Life With Loz: Be free this winter

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IT was the perfect start to the perfect picnic… Sitting on an upturned log, watching the financial pages catch alight.

Little pieces of taxation talk and gross domestic product news were reduced to ash confetti and gently tossed up on the wind, dancing like dandelion spores.

It was a celebration, after all. Of friendships and fresh air, scarves, beanies and butane burners.

Three cheers for the $19.95 butane burner! Who knew a little hotplate in a box could be so liberating?

We were on our way to a winter picnic when one of us stopped at Anaconda to invest in said burner, “just in case”.

He knew there’d be tears if the wood was too wet or green and we couldn’t light a fire to cook lunch or boil some tea.

He knew there’d be sulking if all we had was bread and water.

We’d never been to the Harcourt oak forest before, but for a while now I’d heard tales about a lovely, leafy playground, fit for a band of merry men, women and children.

There we found a wonderland of fat-trunked oaks with buttery soft leaves clinging precariously to haunting black branches.

The thin winter sun slipped through the canopy, while below the earth was thick with soft fall, just begging to be stomped through.

The place isn’t sign posted.

You’ve got to hang a lefty in Harcourt, go past the servo and over an intersection where the road turns to gravel.

Take the second left and you’re delivered straight into the oak forest.

You can’t beat a winter picnic, for it feels like a proper adventure.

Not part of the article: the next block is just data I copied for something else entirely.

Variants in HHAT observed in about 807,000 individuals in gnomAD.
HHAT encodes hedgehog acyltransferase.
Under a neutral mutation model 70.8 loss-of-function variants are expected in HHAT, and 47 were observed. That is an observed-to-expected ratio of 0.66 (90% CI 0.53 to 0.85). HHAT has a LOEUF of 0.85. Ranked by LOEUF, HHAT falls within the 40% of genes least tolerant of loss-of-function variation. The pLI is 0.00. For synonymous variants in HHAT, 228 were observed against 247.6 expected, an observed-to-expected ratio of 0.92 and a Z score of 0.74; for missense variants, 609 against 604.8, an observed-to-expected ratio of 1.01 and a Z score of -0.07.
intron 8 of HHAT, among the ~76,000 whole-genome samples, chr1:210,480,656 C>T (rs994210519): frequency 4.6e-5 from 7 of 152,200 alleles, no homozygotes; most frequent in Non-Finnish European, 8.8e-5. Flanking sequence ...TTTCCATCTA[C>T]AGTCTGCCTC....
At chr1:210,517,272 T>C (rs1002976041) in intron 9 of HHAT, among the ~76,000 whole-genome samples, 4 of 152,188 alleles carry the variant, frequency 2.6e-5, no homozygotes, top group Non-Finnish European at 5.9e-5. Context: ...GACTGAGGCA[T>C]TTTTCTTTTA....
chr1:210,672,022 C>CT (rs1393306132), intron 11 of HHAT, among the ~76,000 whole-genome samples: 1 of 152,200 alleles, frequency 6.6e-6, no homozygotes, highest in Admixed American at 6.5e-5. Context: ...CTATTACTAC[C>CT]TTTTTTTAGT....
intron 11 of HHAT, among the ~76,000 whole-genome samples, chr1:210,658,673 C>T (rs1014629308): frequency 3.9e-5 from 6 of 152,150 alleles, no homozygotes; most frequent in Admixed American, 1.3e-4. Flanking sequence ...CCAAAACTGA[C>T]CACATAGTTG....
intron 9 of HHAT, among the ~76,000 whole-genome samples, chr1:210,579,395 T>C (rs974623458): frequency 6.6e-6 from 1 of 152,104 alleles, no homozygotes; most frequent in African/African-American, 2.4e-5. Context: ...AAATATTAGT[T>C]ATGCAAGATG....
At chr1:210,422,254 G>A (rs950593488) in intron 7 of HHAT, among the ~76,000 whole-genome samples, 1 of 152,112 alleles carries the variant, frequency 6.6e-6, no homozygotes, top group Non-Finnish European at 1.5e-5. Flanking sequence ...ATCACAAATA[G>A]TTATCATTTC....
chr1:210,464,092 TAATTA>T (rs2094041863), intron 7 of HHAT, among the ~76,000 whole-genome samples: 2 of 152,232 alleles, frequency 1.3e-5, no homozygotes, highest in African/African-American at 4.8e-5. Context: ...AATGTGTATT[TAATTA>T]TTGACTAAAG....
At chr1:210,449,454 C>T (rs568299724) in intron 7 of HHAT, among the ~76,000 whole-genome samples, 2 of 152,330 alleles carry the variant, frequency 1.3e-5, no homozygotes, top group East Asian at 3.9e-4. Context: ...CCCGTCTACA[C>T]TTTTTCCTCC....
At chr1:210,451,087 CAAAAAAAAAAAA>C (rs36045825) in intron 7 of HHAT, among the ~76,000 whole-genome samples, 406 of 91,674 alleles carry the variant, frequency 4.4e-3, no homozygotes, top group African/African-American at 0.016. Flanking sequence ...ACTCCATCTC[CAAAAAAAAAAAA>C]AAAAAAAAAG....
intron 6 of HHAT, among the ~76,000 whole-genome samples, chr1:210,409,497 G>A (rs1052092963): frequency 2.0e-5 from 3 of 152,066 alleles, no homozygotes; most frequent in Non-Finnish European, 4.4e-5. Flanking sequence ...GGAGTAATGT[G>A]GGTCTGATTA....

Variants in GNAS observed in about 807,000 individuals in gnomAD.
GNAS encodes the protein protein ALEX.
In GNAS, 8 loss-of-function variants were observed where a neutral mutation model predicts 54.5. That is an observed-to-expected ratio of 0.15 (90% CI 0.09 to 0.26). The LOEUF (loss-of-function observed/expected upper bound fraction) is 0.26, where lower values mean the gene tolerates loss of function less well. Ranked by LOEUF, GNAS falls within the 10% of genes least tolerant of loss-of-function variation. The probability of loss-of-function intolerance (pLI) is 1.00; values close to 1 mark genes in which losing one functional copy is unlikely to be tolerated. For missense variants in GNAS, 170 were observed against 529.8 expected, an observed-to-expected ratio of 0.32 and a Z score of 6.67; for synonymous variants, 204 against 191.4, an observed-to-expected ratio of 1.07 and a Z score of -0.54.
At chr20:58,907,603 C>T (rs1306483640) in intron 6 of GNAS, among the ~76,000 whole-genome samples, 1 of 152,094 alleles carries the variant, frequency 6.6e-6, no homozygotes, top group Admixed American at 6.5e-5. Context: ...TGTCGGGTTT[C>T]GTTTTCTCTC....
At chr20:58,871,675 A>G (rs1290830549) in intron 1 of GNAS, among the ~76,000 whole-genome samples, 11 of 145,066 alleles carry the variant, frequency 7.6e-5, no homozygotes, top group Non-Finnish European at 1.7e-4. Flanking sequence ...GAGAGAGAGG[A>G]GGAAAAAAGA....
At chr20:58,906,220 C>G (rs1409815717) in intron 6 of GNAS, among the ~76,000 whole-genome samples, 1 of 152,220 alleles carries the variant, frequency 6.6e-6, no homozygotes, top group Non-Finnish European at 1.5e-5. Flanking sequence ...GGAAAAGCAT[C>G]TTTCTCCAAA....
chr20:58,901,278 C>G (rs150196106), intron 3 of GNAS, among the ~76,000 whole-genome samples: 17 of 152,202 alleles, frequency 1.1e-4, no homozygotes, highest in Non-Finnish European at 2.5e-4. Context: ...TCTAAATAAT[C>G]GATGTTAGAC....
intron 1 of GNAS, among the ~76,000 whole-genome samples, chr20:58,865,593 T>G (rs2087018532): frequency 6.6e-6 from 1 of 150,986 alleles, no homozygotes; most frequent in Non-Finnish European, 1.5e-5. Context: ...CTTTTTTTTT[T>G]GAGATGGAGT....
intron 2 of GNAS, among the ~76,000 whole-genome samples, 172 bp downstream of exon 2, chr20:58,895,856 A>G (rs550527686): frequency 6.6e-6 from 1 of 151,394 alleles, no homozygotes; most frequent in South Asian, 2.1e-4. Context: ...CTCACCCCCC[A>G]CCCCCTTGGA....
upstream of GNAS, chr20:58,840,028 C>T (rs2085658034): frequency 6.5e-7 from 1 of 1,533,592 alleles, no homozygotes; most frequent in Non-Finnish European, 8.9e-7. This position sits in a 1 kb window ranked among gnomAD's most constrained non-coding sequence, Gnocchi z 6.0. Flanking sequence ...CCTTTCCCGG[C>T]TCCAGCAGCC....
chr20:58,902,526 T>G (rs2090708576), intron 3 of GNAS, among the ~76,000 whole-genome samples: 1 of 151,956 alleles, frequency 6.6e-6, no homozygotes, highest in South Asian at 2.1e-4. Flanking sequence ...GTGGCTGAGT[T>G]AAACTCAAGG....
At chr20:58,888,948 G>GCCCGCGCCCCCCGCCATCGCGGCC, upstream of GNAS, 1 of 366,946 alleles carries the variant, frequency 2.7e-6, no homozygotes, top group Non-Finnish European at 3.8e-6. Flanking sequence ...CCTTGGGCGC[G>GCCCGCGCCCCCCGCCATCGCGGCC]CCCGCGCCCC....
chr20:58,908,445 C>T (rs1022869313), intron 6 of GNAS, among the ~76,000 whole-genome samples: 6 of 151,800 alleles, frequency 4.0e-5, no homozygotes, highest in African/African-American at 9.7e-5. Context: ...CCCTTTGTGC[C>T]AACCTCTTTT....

A summer picnic makes sense. It’s all frolicking and tartan rugs, but choosing to spend an entire day out in the elements in winter is truly balmy.

Think the flappity flap of raincoats, thermos steam and chilled cheeks.

You get to nurture a little fire for the day. Such a simple pleasure, so underrated.

“I’m just stoking the fire,” I sometimes say at home, as I lightly touch the “up” button on

the central heating control. It’s a poor substitute.

There’s something lovely about building your own fire; building it up from paper and twigs, building the coals to boil a kettle.

And then there’s my new love, the butane burner…

Now that one has come into our lives I’ve set us a goal; we’re going to cook a sausage somewhere new every other weekend.

Think Melville Caves, Mount Alexander, Lake Eppalock and Heathcote’s Valley of the Liquid Ambers… all these places will see a bit of sausage sizzling action from us this winter.

And where we can, we’ll light a little fire.

It’s the way to make a grey day golden. It’s the sort of day that money can’t buy really.

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